Pancreatic Cancer

Pancreatic cancer arises when malignant cells in the pancreas, a glandular organ behind the stomach, begin to multiply and form a mass. Most pancreatic cancers are exocrine cancers. Pancreatic neuroendocrine tumors (NETs), or islet cell tumors, are less common but tend to have a better prognosis. Currently, Pancreatic Cancer is the 4th leading cause of death by Cancer in Europe and has the lowest survival rate of all cancers. Get informed and help us reverse the trend!

The European Cancer Patient Coalition together with the network of pancreatic cancer patient organisations, also drafted a Pancreatic Cancer Booklet for patients. 

Pancreatic Cnacer bookletAbout Pancreatic CancerPancreatic Cancer DiagnosisPancreatic Cancer Treatment

Please write to iThis email address is being protected from spambots. You need JavaScript enabled to view it. to inform us about yourdissemination activities in your respective countries. You can also translate the materials in your native language and ECPC would be happy to advice you on the process. 

 

Pancreatic Cancer Europe have also elaborated several materials related to pancreatic cancer. If you have pancreatic cancer or are close to someone who does, knowing what to expect can help you cope. Here you can find out all about it:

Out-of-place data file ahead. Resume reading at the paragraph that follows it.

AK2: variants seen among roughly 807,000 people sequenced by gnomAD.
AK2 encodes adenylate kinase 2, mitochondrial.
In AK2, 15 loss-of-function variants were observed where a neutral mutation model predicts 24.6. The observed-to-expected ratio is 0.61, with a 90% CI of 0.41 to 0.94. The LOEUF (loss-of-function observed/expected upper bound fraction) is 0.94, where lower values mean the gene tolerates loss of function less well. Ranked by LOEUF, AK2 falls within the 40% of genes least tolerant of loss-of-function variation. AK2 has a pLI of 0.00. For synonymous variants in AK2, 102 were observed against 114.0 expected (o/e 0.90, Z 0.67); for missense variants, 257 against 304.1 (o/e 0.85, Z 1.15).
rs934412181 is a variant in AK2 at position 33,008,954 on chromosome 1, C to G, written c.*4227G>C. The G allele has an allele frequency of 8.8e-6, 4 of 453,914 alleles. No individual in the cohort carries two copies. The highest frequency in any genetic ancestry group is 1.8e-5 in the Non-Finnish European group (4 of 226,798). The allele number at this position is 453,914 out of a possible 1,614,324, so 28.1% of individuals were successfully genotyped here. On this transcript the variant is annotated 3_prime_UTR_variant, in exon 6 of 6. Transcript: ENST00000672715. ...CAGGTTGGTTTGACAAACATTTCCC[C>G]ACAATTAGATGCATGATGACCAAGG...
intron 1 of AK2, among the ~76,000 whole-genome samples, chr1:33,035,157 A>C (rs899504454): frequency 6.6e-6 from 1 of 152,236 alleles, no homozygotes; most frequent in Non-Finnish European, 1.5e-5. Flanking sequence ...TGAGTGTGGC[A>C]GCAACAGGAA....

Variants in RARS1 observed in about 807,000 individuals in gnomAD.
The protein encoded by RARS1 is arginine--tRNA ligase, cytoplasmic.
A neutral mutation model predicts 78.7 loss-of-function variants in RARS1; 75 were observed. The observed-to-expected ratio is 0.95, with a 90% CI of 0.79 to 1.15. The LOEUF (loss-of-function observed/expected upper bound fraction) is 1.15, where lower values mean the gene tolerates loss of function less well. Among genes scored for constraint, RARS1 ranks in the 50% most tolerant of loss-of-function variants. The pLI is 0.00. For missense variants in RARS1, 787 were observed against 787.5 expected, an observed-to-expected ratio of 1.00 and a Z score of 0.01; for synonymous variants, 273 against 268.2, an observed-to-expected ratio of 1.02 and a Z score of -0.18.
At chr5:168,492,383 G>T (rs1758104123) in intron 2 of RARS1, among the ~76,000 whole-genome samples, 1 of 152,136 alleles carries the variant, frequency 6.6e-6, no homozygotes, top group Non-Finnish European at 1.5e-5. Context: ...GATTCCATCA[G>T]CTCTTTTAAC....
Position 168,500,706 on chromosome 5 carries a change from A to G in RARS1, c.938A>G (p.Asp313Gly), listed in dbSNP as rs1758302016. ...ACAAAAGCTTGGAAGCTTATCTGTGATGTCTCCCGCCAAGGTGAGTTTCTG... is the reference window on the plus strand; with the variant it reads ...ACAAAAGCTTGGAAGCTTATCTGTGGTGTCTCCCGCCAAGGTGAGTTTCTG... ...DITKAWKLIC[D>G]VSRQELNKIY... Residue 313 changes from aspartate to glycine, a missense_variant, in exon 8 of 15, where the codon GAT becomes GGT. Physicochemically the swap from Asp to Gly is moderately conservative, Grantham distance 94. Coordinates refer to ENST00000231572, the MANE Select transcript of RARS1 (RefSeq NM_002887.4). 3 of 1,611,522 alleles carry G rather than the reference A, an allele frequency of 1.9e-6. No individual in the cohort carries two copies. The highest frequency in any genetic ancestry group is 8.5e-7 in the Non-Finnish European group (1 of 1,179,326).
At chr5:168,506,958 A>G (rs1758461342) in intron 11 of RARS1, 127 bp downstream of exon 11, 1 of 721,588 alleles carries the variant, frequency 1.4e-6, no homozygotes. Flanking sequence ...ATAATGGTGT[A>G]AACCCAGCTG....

• 10 key facts – informing the public about the basics of pancreatic cancer;
        • 10 warning signs of pancreatic cancer” – informing about the low lying symptoms to watch out for;
        • Think PC” – directed at healthcare professionals and in particular at GPs to watch out for combinations of symptoms that could indicate pancreatic cancer. 
        • ''National Support Advocacy Guide'' - designed to help Platform members extend the Platform’s action within their domestic context and achieve their national objectives

 

Pancreatic cancer patient groups in your own country are a great resource of information and support. Even if there is not a group in your country that specialises in pancreatic cancer, there will be other cancer support organisations that either specialise in cancers of other areas of the gastrointestinal tract (such as colorectal cancer), who will likely also welcome patients with pancreatic cancer, or general cancer organisations that welcome patients with any type of cancer.

 

In addition you may want to consider contacting a European organisation — such as EuropaColon or the European Cancer Patient Coalition — who will be able to help you in terms of finding a relevant national organisation, and may also be a good resource of information and support. Should you want to set up a national pancreatic cancer organisation in your country, they will also be a great source of advice and support.